Introduction to the Logical
Pacific Research & Evaluation Associates
FIRST, A BIT OF HISTORY
Once upon a time, there was a lot of development
money being invested into projects.
Funding agencies were having a hard time assessing
whether projects were successful or not, and
whether the money was wisely invested.
The reason was that projects were not clear in their
objectives, and what ‘success’ would look like.
So a new project planning tool was sought……
The Logical Framework Approach (LFA) dates back to
the early 1970s, when USAID spearheaded its use.
Its popularity rose over time, with many
international development agencies advocating its
use in grant application.
Its popularity dropped in recent times with some
agencies for a number of reasons, such as
perceptions that the LFA is inflexible, and that its
linear model (the logframe) does not represent the
complex nature of development issues.
However, the LFA remains in use with many funding
The critique of the LFA should not dissuade you to
use it. Rather, it is a reminder that any tool can be
useful, or not, depending on how it is put to use.
When used properly, it remains a robust project
design and planning tool. Like all tools, it requires
good training for it to be put to good use.
LOGICAL FRAMEWORK APPROACH
What is the Logical Framework
The Logical Framework Approach (LFA) is a project
design process based on participation, critical
analysis, strategic thinking, and logic.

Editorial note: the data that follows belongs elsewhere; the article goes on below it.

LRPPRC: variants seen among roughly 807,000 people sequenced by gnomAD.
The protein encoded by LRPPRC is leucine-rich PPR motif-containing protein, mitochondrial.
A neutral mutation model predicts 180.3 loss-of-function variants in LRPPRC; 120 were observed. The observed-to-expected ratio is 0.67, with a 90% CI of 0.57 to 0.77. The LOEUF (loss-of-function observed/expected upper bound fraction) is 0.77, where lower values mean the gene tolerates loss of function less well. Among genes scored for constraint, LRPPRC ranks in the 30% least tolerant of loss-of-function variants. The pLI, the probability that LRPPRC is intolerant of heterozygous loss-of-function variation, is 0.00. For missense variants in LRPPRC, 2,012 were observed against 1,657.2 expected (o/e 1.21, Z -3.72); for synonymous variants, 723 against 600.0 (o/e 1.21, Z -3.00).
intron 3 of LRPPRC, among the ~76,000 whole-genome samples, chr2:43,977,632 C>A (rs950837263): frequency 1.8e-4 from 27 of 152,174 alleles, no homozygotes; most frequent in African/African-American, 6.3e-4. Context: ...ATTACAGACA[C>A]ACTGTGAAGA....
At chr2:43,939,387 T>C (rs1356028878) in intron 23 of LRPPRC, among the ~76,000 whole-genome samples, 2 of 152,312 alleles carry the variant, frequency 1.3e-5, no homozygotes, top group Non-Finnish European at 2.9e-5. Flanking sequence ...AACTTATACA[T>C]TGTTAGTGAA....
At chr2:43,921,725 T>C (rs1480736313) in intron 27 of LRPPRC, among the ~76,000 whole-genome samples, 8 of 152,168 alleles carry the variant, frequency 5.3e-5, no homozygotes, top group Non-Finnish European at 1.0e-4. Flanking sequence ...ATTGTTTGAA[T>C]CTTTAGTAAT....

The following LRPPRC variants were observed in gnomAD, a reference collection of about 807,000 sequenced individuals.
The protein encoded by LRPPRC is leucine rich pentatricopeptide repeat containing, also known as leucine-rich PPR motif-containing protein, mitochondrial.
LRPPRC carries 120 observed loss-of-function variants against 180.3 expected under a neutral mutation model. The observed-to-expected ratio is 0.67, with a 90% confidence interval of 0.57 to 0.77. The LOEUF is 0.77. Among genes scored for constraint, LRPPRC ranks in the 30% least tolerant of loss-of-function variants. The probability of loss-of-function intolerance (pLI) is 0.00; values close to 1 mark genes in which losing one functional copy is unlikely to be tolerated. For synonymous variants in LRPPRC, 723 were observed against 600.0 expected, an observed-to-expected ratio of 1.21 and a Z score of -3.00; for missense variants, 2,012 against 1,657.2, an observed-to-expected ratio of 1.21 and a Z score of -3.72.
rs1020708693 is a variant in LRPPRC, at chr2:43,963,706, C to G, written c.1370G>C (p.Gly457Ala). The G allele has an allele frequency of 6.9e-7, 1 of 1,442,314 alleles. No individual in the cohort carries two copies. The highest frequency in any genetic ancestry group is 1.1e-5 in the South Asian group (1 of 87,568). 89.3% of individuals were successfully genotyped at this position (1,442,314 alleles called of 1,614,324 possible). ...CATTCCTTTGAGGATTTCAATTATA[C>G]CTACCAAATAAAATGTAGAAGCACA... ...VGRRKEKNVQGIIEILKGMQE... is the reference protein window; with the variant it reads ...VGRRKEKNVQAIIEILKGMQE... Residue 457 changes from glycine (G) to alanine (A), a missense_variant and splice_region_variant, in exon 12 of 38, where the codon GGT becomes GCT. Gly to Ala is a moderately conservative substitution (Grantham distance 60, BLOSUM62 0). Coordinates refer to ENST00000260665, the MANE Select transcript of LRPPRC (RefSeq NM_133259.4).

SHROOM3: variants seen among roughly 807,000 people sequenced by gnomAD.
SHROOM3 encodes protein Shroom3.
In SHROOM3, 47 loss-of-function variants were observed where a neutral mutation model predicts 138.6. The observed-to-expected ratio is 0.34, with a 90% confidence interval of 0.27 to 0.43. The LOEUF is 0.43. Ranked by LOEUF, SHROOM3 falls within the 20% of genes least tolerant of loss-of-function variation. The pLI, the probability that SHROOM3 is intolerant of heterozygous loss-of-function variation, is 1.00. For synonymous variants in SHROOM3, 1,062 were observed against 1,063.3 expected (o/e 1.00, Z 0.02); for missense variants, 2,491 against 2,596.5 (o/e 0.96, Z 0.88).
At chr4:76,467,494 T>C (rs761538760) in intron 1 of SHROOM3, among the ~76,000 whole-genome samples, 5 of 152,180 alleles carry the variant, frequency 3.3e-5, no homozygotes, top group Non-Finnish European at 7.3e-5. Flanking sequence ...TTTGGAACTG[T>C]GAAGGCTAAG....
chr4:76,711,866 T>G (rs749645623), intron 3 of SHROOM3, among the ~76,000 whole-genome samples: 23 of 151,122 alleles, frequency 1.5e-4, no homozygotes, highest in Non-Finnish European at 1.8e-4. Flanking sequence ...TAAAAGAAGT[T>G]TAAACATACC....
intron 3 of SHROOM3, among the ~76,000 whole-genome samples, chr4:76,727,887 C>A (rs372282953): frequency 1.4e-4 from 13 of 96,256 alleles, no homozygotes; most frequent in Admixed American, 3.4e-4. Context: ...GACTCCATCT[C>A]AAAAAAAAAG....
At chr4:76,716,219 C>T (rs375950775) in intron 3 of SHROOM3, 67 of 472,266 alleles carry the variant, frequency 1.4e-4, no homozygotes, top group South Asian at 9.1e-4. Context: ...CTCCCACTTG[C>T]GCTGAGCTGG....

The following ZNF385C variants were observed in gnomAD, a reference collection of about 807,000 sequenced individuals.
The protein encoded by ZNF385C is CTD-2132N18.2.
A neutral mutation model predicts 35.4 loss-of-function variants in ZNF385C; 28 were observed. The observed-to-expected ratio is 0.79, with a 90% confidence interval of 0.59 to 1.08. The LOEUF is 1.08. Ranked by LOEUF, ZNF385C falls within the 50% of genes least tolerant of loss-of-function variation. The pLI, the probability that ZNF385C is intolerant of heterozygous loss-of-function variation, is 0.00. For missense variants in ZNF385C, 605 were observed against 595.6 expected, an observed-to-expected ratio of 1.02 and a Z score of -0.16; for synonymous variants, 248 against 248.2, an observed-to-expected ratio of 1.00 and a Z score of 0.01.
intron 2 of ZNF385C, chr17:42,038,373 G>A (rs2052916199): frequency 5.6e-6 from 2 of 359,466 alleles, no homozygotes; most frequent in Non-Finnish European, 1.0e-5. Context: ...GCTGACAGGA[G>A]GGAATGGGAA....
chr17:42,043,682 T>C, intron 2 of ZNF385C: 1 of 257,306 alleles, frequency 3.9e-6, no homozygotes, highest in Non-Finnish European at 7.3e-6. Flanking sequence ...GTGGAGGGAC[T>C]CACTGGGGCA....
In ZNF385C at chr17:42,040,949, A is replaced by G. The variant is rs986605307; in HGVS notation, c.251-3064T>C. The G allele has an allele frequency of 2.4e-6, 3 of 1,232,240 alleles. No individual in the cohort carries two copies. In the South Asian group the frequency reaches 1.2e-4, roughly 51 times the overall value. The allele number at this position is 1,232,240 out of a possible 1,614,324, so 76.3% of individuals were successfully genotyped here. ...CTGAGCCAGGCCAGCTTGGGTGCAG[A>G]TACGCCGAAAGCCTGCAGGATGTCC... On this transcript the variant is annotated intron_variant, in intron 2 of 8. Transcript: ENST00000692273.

The LFA is made up of a sequence of steps. Each step
builds on the previous one, and taken as a whole, it
provides a robust project design methodology.
It is important to distinguish the LFA from the
1. Situation analysis
2. Stakeholder analysis
3. Problem analysis
4. Solution analysis
5. Strategy analysis
6. Logframe matrix
Steps of the LFA
What is the logframe matrix?
The logframe matrix (LFM) is one of the main steps,
and outputs of the LFA.
The logframe matrix documents the project’s goal,
purpose, outputs and activities, the assumptions and
the relationships between all these items.
It also documents the indicators that will help
measure the success of the project and where the
information will come from (the foundation of a
monitoring and evaluation plan!)
The matrix can be thought of as a roadmap, or
itinerary- documenting where you want to go, and
how you will get there.
Many people tend to jump straight to the logframe
matrix, as this is often what the funding agency
wants to see.
But remember the old saying: “rubbish in, rubbish
A solid, useful logframe is built on strong foundations
offered by the preceding steps. Jumping straight to
the logframe may result in a flimsy design that will
not lead to successful projects. And if that is the
case, don’t blame the logframe!
TIP – Logframe matrix
Interested in learning about the
Pacific Research & Evaluation Associates deliver
training on the LFA in Australia, across the Pacific,
PREA’s training is participatory, interactive, and fun
(visit the website for testimonials).
PREA can customise training to meet your project
Visit www.prea.com.au to find out more about PREA,
and for contact details.